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PHL takes offense at resolution by European Parliament on GSP+, drug war

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WAR ON DRUGS
This photo taken on July 14, 2017 shows funeral workers carrying the dead body of an alleged drug dealer killed after a police drug operation in Manila. European Union lawmakers on July 17 expressed concern over the killings in Philippine President Rodrigo Duterte's war on drugs and his possible extension of martial law. — AFP

THE European Parliament, in a resolution on the Philippines on Wednesday, April 18, flagged anew the government’s drug war on President Rodrigo R. Duterte’s watch, and called for “procedural steps” toward the “temporary withdrawal” of the Generalized Scheme of Preferences (GSP+) status for the Philippines, under which the country has availed itself of as little as zero duties in its exports.

The European Union’s (EU) legislature called attention once more to this remedy “in the absence of substantive improvements” in Mr. Duterte’s drug war, which has raised international concern including by the EU.

The legislature, in its resolution, also “call(ed) on the Government of the Philippines to put an immediate end to the extrajudicial killings” in the drug war, whose fatality count it now pegs at 12,000, and ”reiterate(d) its call to release” Senator Leila M. De Lima. The detained opposition leader, a leading critic of Mr. Duterte’s drug war, found herself slapped with drug charges last year by Mr. Duterte’s government.

“(W)hile the progress in the implementation of the GSP+ conventions is largely positive, strong concerns remain around human rights violations related to the war on drugs,” the European Parliament said in a resolution notable for its many recommendations to the Philippine government and for what Human Rights Watch described as a “forceful message from the EU parliamentarians” to Mr. Duterte.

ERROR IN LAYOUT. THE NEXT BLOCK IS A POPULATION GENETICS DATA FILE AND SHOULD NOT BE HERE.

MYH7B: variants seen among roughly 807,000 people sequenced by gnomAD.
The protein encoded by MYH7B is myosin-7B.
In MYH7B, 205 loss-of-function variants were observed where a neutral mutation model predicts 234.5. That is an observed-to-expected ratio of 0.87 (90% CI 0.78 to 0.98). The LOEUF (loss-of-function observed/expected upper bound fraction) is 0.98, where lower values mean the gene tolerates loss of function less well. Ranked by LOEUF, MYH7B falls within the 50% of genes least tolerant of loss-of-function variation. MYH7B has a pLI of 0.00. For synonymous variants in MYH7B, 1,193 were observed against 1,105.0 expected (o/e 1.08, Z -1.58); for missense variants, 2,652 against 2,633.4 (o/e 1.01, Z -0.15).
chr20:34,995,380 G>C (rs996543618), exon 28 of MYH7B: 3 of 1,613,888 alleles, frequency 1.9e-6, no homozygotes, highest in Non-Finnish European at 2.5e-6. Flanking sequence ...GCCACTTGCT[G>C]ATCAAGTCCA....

In response, the Philippines’ Foreign Affairs Secretary Alan Peter S. Cayetano said the EU legislature had “crossed a red line” with its resolution, which he also criticized as “based on biased, incomplete and even wrong information and does not reflect the true situation on the ground.”

For his part, Presidential Spokesperson Harry L. Roque Jr. said in his press briefing on Friday: “We, of course, find it unfortunate that members of the EU Parliament have once again interfered with the affairs of the Philippine state, rehashing issues and baseless claims that have been explained adequately by the Philippine government in several official statements.”




The new Philippine National Police (PNP) chief, Director-General Oscar D. Albayalde, said for his part, “If they can give us the details of those sinasabi nilang (they claim to be) 12,000 (deaths), probably we’ll be able to check kung talagang totoo ‘yung data nilang ‘yon dahil napakalaki no’n (if their data is accurate because the numbers are too big).”

PNP sets the number of deaths from anti-illegal drugs operations at 4,128.

Mr. Duterte also drew international attention anew for the detention this week of Australian nun Patricia Fox, which he said he had ordered because of her “political activities” in the Philippines.

Ms. Fox has been released but the Commission on Human Rights said it will investigate her detention by the Bureau of Immigration.

Sought for comment at his briefing, Mr. Roque said, “Bahala sila kung iyan ang gusto nila.” (It’s up to them if they want to.) — M.N.D.L.Cruz

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